I’d be interested to hear Mark Krikorian’s thoughts on this Los Angeles Times story. Everything about it is nuts, starting with the headline:
Settlement Opens Up Amnesty For Tens Of Thousands Of Immigrants
What “amnesty” would that be? Some new McCain reach-across-the-aisle deal? A grand Obama inaugural celebration? No, it’s the Reagan amnesty. You remember – the one from nigh on a quarter-century ago. Yes, folks, they’re still admitting applicants to the ‘86 amnesty – illegal immigrants who were turned down back in the mid-Eighties but stayed on to file appeals, class-action suits and what have you. The opening sentence nicely captures the surreal world of US immigration law:
For two decades, Anaheim businessman Erkan Aydin has taken on a task unimaginable for most immigrants like himself: trying to convince the U.S. government that he was here illegally.
And it gets better from there:
The settlement marks Schey’s third and final class-action lawsuit over the 1986 amnesty law. The previous lawsuits, both settled in 2003, resulted in more than 150,000 immigrants being allowed to apply for amnesty…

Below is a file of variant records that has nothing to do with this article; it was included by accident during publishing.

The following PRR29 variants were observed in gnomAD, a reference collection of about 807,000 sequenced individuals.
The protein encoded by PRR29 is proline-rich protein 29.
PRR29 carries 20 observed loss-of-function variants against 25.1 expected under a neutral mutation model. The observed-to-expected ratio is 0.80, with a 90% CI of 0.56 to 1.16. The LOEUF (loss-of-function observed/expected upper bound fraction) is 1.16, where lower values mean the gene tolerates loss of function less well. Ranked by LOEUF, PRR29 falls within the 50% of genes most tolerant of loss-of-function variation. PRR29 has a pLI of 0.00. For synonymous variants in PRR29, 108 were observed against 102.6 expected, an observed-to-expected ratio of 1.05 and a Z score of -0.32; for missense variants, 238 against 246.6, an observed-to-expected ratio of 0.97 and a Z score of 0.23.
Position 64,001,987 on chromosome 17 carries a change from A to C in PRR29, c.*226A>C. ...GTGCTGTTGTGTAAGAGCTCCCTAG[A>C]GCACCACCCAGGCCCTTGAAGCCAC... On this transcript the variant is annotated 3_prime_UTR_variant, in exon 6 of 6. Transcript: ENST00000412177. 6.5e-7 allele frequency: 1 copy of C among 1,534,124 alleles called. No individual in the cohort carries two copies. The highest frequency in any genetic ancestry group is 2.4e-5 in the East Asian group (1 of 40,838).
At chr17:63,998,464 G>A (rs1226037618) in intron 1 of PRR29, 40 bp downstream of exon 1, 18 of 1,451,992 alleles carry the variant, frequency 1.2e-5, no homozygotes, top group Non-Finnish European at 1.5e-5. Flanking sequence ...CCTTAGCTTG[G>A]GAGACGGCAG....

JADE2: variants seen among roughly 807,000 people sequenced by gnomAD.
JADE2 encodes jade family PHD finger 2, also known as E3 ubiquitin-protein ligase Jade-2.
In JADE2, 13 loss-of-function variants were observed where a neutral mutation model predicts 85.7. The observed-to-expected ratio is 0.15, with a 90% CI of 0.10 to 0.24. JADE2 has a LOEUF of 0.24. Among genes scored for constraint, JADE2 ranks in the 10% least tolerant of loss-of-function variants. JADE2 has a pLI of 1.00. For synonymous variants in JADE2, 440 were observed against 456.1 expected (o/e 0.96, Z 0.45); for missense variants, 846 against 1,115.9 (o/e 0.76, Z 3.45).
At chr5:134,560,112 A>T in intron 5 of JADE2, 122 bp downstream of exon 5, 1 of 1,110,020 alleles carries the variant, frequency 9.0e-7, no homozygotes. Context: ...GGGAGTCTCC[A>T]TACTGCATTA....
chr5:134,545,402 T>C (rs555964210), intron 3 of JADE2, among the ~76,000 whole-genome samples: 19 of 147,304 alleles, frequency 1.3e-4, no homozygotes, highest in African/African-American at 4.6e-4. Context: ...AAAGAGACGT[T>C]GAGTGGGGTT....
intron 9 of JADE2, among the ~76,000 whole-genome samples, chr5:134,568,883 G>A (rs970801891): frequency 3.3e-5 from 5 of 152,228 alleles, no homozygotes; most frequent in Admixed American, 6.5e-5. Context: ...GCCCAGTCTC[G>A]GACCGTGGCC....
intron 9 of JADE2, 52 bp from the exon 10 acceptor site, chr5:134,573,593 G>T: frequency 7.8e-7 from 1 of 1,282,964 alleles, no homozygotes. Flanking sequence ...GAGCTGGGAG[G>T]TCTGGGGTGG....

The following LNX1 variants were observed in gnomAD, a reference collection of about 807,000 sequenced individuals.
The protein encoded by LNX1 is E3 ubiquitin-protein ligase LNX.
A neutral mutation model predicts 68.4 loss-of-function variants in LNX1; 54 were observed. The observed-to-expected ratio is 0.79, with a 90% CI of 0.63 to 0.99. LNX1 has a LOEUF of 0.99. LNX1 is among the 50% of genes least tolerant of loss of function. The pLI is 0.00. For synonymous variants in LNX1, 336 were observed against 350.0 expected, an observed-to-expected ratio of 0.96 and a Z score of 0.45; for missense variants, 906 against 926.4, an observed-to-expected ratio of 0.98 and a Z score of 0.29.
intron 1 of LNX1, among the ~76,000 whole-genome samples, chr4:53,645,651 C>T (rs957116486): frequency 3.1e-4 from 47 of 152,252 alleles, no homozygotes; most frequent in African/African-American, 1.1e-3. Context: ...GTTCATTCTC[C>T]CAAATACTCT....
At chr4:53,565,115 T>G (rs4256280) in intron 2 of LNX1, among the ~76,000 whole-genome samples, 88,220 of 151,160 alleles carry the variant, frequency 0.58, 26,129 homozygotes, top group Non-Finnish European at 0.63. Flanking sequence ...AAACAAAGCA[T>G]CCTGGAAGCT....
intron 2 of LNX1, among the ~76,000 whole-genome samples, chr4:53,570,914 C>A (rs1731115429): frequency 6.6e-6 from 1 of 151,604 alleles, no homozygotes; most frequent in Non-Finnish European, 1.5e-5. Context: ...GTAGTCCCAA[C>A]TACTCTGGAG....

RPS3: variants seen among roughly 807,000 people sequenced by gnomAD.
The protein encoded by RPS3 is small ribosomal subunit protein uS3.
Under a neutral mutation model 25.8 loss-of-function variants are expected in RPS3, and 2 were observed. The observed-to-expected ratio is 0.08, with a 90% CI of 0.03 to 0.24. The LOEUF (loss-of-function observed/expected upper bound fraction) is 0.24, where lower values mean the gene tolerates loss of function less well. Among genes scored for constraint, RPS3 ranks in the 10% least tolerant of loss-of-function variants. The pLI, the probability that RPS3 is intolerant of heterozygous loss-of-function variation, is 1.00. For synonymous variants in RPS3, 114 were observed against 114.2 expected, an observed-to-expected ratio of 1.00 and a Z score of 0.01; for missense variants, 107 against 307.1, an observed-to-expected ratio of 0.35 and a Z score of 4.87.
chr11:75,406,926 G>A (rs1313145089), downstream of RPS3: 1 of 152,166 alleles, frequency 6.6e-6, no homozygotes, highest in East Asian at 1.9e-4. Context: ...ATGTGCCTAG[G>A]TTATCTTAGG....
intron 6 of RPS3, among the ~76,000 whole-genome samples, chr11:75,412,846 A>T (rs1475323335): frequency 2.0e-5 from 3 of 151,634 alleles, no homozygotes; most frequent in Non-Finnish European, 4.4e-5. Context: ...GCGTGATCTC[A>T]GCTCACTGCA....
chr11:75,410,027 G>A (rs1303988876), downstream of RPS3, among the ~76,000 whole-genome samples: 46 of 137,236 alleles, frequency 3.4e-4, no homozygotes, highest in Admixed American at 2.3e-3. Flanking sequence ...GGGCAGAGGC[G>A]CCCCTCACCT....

In the second lawsuit, Schey argued against the rejection of amnesty applicants who had returned home and reentered with a valid visa. Immigration officials at the time held that the reentry was legal, breaking the continued illegal residency required for amnesty. Schey argued, however, that the reentry was illegal because the immigrants would have to have lied about themselves when they applied for the visa to return.
Got that? The US government’s argument is that legally entering on legal, valid US paperwork is legally invalid for US residency, while the illegal immigrant counters that, as his legal paperwork was illegally acquired, it should be sufficiently invalid to be valid for US residency.